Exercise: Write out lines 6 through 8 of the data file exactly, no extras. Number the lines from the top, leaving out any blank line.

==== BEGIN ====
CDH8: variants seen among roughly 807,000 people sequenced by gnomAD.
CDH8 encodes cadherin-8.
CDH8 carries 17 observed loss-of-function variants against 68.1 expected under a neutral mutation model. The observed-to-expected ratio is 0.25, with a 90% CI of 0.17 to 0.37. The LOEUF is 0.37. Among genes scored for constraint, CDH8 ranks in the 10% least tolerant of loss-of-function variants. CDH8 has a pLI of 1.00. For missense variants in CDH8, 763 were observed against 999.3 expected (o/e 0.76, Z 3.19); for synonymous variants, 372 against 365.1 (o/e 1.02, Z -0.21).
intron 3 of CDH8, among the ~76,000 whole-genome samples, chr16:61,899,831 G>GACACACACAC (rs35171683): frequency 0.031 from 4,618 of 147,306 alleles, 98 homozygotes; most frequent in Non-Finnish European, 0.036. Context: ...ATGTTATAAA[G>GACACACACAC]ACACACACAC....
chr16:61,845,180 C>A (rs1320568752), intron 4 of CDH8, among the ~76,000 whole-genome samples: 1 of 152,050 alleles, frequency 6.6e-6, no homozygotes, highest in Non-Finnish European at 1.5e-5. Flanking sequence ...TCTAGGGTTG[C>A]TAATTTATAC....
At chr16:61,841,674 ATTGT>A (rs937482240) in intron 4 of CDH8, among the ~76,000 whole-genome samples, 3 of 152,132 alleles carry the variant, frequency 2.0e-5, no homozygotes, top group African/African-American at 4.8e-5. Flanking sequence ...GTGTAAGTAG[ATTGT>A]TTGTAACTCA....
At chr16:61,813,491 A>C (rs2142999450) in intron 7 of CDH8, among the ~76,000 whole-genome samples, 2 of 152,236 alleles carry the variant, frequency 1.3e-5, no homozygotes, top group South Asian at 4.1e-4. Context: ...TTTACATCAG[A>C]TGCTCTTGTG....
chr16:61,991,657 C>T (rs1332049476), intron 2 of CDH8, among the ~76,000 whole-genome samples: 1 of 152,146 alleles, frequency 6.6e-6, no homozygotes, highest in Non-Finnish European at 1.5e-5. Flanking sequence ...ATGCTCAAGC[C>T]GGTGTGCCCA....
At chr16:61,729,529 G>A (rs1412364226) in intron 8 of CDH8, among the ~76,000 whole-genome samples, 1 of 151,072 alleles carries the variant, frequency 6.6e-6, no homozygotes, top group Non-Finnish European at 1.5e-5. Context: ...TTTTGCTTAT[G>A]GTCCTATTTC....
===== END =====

At chr16:61,841,674 ATTGT>A (rs937482240) in intron 4 of CDH8, among the ~76,000 whole-genome samples, 3 of 152,132 alleles carry the variant, frequency 2.0e-5, no homozygotes, top group African/African-American at 4.8e-5. Flanking sequence ...GTGTAAGTAG[ATTGT>A]TTGTAACTCA....
At chr16:61,813,491 A>C (rs2142999450) in intron 7 of CDH8, among the ~76,000 whole-genome samples, 2 of 152,236 alleles carry the variant, frequency 1.3e-5, no homozygotes, top group South Asian at 4.1e-4. Context: ...TTTACATCAG[A>C]TGCTCTTGTG....
chr16:61,991,657 C>T (rs1332049476), intron 2 of CDH8, among the ~76,000 whole-genome samples: 1 of 152,146 alleles, frequency 6.6e-6, no homozygotes, highest in Non-Finnish European at 1.5e-5. Flanking sequence ...ATGCTCAAGC[C>T]GGTGTGCCCA....